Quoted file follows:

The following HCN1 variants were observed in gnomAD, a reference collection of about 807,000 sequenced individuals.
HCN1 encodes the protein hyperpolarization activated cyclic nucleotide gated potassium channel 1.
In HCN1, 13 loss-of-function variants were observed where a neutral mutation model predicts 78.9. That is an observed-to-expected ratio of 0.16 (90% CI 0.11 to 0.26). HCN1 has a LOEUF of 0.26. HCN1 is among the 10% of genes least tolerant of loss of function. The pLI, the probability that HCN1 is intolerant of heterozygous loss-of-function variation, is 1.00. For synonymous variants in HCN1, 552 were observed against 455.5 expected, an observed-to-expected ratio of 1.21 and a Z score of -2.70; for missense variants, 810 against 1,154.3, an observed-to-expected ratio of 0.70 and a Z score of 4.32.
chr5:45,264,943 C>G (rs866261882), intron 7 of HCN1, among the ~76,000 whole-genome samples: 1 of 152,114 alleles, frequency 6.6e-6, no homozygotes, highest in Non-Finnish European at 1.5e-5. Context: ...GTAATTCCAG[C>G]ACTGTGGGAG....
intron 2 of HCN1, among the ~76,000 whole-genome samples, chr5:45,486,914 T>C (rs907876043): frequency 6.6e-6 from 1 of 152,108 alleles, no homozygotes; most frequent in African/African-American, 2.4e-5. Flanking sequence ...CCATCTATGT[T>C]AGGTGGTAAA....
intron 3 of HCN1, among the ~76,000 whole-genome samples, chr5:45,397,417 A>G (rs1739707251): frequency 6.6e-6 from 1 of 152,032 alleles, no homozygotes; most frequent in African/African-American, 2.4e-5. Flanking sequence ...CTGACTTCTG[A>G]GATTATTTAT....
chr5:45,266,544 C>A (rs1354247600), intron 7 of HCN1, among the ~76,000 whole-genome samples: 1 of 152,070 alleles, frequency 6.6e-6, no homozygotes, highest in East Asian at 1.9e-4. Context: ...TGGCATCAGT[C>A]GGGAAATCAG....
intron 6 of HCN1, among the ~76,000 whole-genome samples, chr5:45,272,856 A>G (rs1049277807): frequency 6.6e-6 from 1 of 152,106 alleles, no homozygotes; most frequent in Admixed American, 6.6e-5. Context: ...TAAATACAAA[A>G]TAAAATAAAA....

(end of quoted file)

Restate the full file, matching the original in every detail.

The following HCN1 variants were observed in gnomAD, a reference collection of about 807,000 sequenced individuals.
HCN1 encodes the protein hyperpolarization activated cyclic nucleotide gated potassium channel 1.
In HCN1, 13 loss-of-function variants were observed where a neutral mutation model predicts 78.9. That is an observed-to-expected ratio of 0.16 (90% CI 0.11 to 0.26). HCN1 has a LOEUF of 0.26. HCN1 is among the 10% of genes least tolerant of loss of function. The pLI, the probability that HCN1 is intolerant of heterozygous loss-of-function variation, is 1.00. For synonymous variants in HCN1, 552 were observed against 455.5 expected, an observed-to-expected ratio of 1.21 and a Z score of -2.70; for missense variants, 810 against 1,154.3, an observed-to-expected ratio of 0.70 and a Z score of 4.32.
chr5:45,264,943 C>G (rs866261882), intron 7 of HCN1, among the ~76,000 whole-genome samples: 1 of 152,114 alleles, frequency 6.6e-6, no homozygotes, highest in Non-Finnish European at 1.5e-5. Context: ...GTAATTCCAG[C>G]ACTGTGGGAG....
intron 2 of HCN1, among the ~76,000 whole-genome samples, chr5:45,486,914 T>C (rs907876043): frequency 6.6e-6 from 1 of 152,108 alleles, no homozygotes; most frequent in African/African-American, 2.4e-5. Flanking sequence ...CCATCTATGT[T>C]AGGTGGTAAA....
intron 3 of HCN1, among the ~76,000 whole-genome samples, chr5:45,397,417 A>G (rs1739707251): frequency 6.6e-6 from 1 of 152,032 alleles, no homozygotes; most frequent in African/African-American, 2.4e-5. Flanking sequence ...CTGACTTCTG[A>G]GATTATTTAT....
chr5:45,266,544 C>A (rs1354247600), intron 7 of HCN1, among the ~76,000 whole-genome samples: 1 of 152,070 alleles, frequency 6.6e-6, no homozygotes, highest in East Asian at 1.9e-4. Context: ...TGGCATCAGT[C>A]GGGAAATCAG....
intron 6 of HCN1, among the ~76,000 whole-genome samples, chr5:45,272,856 A>G (rs1049277807): frequency 6.6e-6 from 1 of 152,106 alleles, no homozygotes; most frequent in Admixed American, 6.6e-5. Context: ...TAAATACAAA[A>G]TAAAATAAAA....